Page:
Anyone who’s read more than one fantasy novel or watched the Lord of the Rings on the big screen knows that fantasy tends to be very black-and-white. It normally assumes there are two sides to conflict: Good and evil. Sauron versus the Fellowship. Elves versus trolls. You get the picture.
George R.R. Martin, however, is no ordinary fantasy writer, and that shows through in both his books and the HBO series. While he does have some purely bad guys with few or no redeeming qualities, most of his antagonist characters fall somewhere in the innumerable shades of gray that exist in real life.
His most evil, more purely fantasy-like enemies are barely even seen in the first two books. White Walkers and the Others are his most evil antagonists, and they’re not human. He does drop a few truly awful human characters on us. Joffrey is a cruel, abusive, spoiled punk-turned-tyrrant, and Gregor Clegane–the Mountain that Rides–is a foul human being, as well.
However, most of the major antagonists, the characters making most of the trouble for the Starks and Snows, are a shade or two shy of purely evil.
Take Cersei, for example. While she’s an adulterous, incestuous, conniving, power hungry b-word, Martin gives us glimpses of a softer Cersei. She loves her children above all else, with even Tyrion saying that’s one of her few qualities. Martin also shows us what made Cersei this way: her father’s preference for Jaime, her mother’s death, and her late husband Robert’s neglect. Yes, she’s a bad person, but we see the human side. We know why she is that way.
Jaime is much the same. While he fights for the wrong side, tries to kill Bran, sleeps with his sister, and doesn’t hesitate to kill innocents, he’s also brave, an elite fighter, loyal to his family, and compassionate toward Tyrion, his “half-man” brother.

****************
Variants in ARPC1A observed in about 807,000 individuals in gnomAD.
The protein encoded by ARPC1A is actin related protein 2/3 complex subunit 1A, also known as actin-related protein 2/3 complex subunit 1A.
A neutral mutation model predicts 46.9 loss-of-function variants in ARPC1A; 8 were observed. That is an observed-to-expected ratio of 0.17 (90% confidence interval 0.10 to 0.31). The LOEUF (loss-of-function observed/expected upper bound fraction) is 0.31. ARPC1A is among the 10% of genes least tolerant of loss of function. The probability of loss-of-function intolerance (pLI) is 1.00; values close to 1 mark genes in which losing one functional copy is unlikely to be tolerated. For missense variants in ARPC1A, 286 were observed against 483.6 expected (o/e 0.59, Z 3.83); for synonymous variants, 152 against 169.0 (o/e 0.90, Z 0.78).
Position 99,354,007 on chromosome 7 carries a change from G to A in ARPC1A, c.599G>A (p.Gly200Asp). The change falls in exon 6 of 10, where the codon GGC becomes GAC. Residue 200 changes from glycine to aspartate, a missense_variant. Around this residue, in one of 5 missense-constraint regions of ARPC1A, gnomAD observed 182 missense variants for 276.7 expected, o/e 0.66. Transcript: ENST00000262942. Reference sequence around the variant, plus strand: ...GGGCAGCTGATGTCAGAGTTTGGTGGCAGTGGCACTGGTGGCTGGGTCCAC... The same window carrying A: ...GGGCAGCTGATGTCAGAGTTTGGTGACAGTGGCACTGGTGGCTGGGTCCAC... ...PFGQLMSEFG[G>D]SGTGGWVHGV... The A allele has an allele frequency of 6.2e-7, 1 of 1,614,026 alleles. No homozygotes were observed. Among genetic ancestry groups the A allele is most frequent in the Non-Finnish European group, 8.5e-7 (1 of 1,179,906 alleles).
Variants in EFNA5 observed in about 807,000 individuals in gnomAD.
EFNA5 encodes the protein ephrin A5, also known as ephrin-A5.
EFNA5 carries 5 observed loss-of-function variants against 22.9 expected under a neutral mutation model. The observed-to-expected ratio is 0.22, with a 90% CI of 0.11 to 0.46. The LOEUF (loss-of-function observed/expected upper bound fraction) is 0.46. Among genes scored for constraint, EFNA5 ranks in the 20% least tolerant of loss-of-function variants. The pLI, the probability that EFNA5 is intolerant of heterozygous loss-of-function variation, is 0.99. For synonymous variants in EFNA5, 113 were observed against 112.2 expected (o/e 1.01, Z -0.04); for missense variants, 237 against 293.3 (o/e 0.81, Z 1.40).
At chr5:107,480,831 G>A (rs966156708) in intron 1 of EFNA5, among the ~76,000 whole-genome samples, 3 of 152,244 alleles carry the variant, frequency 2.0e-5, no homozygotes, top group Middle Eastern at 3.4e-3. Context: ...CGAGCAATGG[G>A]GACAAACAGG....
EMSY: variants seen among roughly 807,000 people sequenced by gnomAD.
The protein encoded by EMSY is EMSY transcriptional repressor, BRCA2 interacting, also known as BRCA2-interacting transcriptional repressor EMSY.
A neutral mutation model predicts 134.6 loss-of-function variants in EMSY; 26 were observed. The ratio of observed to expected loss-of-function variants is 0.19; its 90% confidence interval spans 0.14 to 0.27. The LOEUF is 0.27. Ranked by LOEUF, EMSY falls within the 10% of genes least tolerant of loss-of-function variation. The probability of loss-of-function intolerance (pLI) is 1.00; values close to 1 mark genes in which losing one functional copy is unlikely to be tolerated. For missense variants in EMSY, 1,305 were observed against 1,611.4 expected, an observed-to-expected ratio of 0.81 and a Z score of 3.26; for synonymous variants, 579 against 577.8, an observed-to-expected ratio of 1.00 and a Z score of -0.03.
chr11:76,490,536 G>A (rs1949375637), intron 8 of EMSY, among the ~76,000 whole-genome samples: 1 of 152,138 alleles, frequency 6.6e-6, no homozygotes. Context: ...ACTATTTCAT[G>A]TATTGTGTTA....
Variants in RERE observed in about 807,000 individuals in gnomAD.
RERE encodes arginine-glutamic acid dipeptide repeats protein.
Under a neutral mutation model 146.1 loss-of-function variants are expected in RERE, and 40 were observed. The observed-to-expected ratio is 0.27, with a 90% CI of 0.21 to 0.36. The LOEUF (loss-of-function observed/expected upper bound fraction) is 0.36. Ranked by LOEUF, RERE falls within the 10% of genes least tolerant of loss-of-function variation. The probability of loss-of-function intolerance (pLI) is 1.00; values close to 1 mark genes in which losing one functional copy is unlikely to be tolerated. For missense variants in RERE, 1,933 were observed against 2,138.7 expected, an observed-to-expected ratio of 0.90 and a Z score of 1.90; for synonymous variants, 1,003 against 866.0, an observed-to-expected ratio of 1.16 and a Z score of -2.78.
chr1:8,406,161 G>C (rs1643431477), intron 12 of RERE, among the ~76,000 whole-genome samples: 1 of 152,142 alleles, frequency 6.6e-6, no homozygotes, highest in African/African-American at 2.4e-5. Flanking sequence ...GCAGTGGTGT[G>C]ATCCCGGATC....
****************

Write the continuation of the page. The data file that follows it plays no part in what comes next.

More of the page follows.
The mighty Sandor Clegane– the Hound–is a ruthless killer, sent by the Lannisters to brutally eliminate the Lannisters’ enemies. Yet this hired thug shows a soft spot for Sansa and Arya, and we see how it was his brother’s cruelty that made him the monster he is.
In fact, most of Martin’s antagonists are this way–severely flawed, even immoral, but not evil, as a typical fantasy bad guy would be.
This does several things to make GoT the epic story it is. First, it makes the antagonists more identifiable and understandable to the reader. That, in turn, makes them more believable, especially to people who don’t normally read or watch this genre, drawing in new audiences. It’s also incredibly entertaining, making it fun to read the portions written in a bad-guy point of view. Finally, it makes a point that people are rarely black-or-white, and much of the good-bad argument is perspective-based. Martin’s villains stand out to us because they’re real.
The best part of this is that his protagonists–the heroes of his stories–are every bit as flawed and “gray” as his bad guys. And the ones who are too far on the good side don’t tend to live very long.